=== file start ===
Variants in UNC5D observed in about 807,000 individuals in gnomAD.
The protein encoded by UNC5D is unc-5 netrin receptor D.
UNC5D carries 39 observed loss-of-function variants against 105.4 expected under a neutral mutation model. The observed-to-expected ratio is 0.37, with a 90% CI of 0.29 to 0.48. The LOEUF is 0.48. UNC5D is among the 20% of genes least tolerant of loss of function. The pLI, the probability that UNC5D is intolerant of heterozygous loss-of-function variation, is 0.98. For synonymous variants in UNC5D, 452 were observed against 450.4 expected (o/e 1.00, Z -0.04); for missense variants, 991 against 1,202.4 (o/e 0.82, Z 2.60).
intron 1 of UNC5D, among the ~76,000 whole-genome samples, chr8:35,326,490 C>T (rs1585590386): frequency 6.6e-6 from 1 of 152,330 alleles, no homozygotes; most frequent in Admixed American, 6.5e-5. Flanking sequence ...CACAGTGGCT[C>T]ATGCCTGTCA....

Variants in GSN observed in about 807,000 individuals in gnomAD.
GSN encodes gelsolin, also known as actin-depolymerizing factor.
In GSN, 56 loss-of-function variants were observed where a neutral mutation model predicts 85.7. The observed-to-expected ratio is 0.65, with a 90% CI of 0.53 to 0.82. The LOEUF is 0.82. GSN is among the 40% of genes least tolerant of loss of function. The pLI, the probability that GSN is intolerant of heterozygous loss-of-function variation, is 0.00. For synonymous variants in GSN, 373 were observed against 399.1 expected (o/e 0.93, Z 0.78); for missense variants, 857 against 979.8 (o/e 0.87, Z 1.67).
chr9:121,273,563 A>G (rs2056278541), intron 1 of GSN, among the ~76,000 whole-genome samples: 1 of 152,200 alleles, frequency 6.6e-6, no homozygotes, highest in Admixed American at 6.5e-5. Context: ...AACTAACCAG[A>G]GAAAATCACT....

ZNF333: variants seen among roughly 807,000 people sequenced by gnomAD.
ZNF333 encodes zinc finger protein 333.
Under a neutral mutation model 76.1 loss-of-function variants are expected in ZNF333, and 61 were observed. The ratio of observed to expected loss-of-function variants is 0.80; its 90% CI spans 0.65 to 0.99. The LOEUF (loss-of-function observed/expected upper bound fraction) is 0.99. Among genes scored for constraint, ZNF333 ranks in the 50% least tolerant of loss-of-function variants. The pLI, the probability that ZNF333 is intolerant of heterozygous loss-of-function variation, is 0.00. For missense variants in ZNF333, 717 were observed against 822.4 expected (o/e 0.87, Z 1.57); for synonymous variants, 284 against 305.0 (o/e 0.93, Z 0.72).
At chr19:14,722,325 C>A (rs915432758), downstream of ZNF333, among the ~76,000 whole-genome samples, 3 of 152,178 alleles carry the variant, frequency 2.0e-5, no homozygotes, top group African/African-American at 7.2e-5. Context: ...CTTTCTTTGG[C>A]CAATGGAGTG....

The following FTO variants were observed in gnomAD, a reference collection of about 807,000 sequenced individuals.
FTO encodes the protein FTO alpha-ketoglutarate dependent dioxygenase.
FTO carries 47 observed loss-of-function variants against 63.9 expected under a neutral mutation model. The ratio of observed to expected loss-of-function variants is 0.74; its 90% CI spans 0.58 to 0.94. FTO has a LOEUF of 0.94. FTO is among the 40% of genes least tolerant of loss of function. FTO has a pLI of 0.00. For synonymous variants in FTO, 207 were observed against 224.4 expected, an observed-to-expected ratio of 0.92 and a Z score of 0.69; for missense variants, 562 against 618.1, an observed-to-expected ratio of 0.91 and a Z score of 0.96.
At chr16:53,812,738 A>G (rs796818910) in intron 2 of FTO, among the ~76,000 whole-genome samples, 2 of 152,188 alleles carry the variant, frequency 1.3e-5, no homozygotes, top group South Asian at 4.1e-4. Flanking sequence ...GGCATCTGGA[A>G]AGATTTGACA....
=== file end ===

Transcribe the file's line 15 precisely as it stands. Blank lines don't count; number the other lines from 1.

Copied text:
FTO carries 47 observed loss-of-function variants against 63.9 expected under a neutral mutation model. The ratio of observed to expected loss-of-function variants is 0.74; its 90% CI spans 0.58 to 0.94. FTO has a LOEUF of 0.94. FTO is among the 40% of genes least tolerant of loss of function. FTO has a pLI of 0.00. For synonymous variants in FTO, 207 were observed against 224.4 expected, an observed-to-expected ratio of 0.92 and a Z score of 0.69; for missense variants, 562 against 618.1, an observed-to-expected ratio of 0.91 and a Z score of 0.96.